In a companion volume, Beyond the Persecuting Society: Religious Toleration before the Enlightenment, Nederman and Laursen "propose that tolerance is good and that its roots were variegated, pre-dating John Locke," wrote Renaissance Quarterly reviewer Marcia L. Colish. "They treat figures and themes ranging from France, Germany, Switzerland, the Netherlands, and England to colonial America, from the twelfth to the early eighteenth centuries." According to Horowitz, the volume "encourages contingent, local studies of toleration policies. The editors' introduction localizes and limits Locke and disputes the myths of relentless persecution in medieval and early modern times, of secularization encouraging toleration, of unilateral Christian intolerance of non-Christians." Writing in the English Historical Review, Alexandra Walsham commented that Beyond the Persecuting Society "remains an important contribution to reconceptualizing the relationship between persecution and toleration less in terms of a black and white polarity than an infinite range of shades of grey."
Medieval Aristotelianism and Its Limits: Classical Traditions in Moral and Political Philosophy, Twelfth-Fifteenth Centuries contains seventeen essays by Nederman concerning medieval political thought. In the work, Nederman pays particular attention to the influence of Aristole and Cicero on medieval writers, including philosopher John of Salisbury. "Nederman gives added support to the trend in modern interpretation that sees the twelfth century, especially, as providing a developing understanding of the naturalistic context into which Aristotelian ideas so neatly fitted as they were increasingly discovered through that century and the thirteenth," Joseph Canning remarked in the American Political Science Review.
Building on his earlier works with Laursen, in Worlds of Difference: European Discourses of Toleration, c. 1100-c. 1550, Nederman "argues that principled tolera- tion of other religious and ethnic groups, commonly believed to be a distinctly modern discourse, was, in fact, elaborated and defended by a variety of Christian writers in medieval and early modern Europe," Journal of Religion contributor N. Scott Johnson stated. Examining the writings of several medieval theorists, including Peter Abelard, John of Salisbury, Marsiglio of Padua, and Nicholas of Cusa, Nederman "skillfully articulates the various ways in which these thinkers encountered and thought about religious and cultural differences," Johnson noted. According to Gerald Christianson in Church History, the author "contends that the Middle Ages, far from having anything to contribute to our understanding of tolerance, stands over against our notions of an open society," and Journal of Ecclesiastical History reviewer James Muldoon similarly noted that Nederman "argues, … that medieval theories of toleration are relevant to the contemporary world." In the words of Francis M. Wilhoit, writing in Perspectives on Political Science, "there is no denying that the author is multifaceted, boldly assertive, and relentlessly curious—just as any true scholar should be."
Nederman served as coeditor on Talking Democracy: Historical Perspectives on Rhetoric and Democracy, "a valuable compendium of studies of the relationship between rhetoric and democracy that suggests that these elements are mutually reliant," wrote Joseph P. Zompetti in Argumentation and Advocacy. The essays "draw upon pre-modern political thought in order to assess the idea of deliberative democracy," remarked Travis D. Smith in the Bryn Mawr Classical Review. Smith added, "Above all, the book demonstrates the wrongheadedness of imagining the possibility and supposing the desirability of liberating deliberation from rhetorical persuasion." According to Zompetti, Talking Democracy "is an important work for anyone interested in the political value of rhetoric, particularly its utility for democratic endeavors."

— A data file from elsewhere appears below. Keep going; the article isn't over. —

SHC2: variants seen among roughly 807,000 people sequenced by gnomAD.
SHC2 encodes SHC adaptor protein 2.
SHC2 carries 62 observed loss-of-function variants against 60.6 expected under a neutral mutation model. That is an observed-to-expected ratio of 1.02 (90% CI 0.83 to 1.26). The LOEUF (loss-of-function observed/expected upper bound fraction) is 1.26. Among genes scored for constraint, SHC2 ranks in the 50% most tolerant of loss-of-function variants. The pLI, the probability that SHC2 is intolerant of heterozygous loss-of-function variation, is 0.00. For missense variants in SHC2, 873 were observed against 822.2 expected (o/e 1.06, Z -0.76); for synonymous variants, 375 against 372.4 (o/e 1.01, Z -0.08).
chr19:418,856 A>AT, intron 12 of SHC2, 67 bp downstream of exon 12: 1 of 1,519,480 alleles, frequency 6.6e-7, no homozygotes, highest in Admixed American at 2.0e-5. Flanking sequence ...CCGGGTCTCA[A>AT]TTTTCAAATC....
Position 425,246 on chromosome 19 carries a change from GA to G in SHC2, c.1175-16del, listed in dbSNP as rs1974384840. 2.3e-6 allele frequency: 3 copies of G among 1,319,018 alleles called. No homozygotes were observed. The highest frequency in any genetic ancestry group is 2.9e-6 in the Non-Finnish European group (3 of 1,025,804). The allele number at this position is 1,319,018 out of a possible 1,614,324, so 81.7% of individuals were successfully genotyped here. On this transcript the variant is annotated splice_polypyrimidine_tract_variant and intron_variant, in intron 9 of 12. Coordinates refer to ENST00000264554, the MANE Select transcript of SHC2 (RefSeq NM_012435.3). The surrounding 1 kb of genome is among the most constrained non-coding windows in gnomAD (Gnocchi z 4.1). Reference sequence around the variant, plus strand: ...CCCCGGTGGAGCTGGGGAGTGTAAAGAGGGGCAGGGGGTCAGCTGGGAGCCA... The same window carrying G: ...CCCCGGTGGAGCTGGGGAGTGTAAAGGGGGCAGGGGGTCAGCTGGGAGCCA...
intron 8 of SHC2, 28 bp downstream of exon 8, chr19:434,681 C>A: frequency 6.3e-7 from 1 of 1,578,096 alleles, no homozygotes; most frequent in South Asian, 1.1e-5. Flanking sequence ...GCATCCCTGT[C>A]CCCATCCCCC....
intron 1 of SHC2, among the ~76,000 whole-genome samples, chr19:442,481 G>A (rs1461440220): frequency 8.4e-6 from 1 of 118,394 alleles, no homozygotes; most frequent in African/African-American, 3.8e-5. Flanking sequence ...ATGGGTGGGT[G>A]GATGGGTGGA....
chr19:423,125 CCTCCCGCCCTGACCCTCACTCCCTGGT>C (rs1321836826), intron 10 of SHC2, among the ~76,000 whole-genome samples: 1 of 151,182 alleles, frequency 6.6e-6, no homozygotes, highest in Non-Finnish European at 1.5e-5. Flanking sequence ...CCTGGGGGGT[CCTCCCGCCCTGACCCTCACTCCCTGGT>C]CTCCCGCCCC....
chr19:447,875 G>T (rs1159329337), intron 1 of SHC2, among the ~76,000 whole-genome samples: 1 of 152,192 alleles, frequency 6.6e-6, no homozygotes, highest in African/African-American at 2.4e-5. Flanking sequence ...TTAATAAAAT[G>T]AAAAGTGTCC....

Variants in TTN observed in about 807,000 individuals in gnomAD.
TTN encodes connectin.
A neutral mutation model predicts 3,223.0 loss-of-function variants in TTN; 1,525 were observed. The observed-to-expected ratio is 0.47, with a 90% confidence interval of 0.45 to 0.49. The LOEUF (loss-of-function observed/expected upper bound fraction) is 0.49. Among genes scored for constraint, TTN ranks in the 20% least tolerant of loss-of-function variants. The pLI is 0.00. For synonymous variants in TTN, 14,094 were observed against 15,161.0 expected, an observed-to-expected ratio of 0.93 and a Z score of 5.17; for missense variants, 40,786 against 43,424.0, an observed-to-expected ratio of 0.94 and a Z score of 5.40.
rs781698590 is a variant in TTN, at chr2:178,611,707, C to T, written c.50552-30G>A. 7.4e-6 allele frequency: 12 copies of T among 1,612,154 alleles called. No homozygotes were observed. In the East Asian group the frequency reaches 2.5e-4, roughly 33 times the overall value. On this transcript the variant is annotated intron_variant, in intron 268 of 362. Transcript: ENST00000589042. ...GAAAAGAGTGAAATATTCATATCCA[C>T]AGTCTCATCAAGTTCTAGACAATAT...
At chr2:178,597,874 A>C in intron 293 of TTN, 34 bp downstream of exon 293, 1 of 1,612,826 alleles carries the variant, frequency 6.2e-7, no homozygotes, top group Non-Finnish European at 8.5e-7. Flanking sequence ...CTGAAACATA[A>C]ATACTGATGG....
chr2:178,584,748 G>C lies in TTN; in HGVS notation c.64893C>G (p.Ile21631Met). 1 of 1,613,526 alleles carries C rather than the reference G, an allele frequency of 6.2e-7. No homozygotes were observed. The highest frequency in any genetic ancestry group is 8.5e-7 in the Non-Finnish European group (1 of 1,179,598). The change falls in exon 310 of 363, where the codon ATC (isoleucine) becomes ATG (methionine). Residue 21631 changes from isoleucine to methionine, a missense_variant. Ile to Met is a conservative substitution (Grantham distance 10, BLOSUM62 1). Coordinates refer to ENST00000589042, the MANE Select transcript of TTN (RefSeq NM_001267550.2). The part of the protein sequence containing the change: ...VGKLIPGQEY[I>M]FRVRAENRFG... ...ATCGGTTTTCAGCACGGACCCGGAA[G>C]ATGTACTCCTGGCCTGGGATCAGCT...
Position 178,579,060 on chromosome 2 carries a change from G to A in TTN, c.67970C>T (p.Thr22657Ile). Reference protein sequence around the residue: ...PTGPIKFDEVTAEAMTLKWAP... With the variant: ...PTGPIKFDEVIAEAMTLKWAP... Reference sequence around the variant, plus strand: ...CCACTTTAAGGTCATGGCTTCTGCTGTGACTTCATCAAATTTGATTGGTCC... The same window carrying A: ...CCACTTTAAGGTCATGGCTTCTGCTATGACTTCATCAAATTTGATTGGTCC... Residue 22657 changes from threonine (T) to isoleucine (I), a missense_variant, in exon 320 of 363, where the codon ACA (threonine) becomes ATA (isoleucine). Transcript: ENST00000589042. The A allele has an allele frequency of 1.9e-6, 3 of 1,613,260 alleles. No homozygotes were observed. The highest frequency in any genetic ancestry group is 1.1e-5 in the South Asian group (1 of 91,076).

BIOGRAPHICAL AND CRITICAL SOURCES:
American Political Science Review, September, 1998, Maryanne Cline Horowitz, review of Difference and Dissent: Theories of Toleration in Medieval and Early Modern Europe and Beyond the Persecuting Society: Religious Toleration before the Enlightenment, p. 687; September, 1999, Joseph Canning, review of Medieval Aristotelianism and Its Limits: Classical Traditions in Moral and Political Philosophy, Twelfth-Fifteenth Centuries, p. 705.
Argumentation and Advocacy, fall, 2005, Joseph P. Zompetti, review of Talking Democracy: Historical Perspectives on Rhetoric and Democracy, p. 120.
Bryn Mawr Classical Review, July, 2005, Travis D. Smith, review of Talking Democracy.
Church History, September, 2002, Gerald Christianson, review of Worlds of Difference: European Discourses of Toleration, c. 1100-c. 1550, p. 651; December, 2006, Jacques Berlinerblau, review of Heresy in Transition: Transforming Ideas of Heresy in Medieval and Early Modern Europe, p. 899.
English Historical Review, April, 1999, Diarmaid MacCulloch, review of Difference and Dissent, p. 436; November, 1999, Alexandra Walsham, review of Beyond the Persecuting Society, p. 1308.
History Today, July, 1995, Douglas Galbraith, review of Medieval Political Theory: A Reader: The Quest for the Body Politic, 1100-1400, p. 59.
Journal of Ecclesiastical History, July, 2002, James Muldoon, review of Worlds of Difference, p. 570.
Journal of Religion, October, 2002, N. Scott Johnson, review of Worlds of Difference, p. 637.
Perspectives on Political Science, spring, 2002, Francis M. Wilhoit, review of Worlds of Difference, p. 122.
Reference & Research Book News, February, 2006, review of John of Salisbury.
Renaissance Quarterly, summer, 1999, Marcia L. Colish, review of Beyond the Persecuting Society, p. 538.
Review of Metaphysics, December, 1996, Richard J. Doughtery, review of Writings on the Empire: Defensor Minor and De translatione Imperii, p. 413.
Texas A&M Department of Political Science Web site,http://www-polisci.tamu.edu/ (March 15, 2007), "Cary J. Nederman."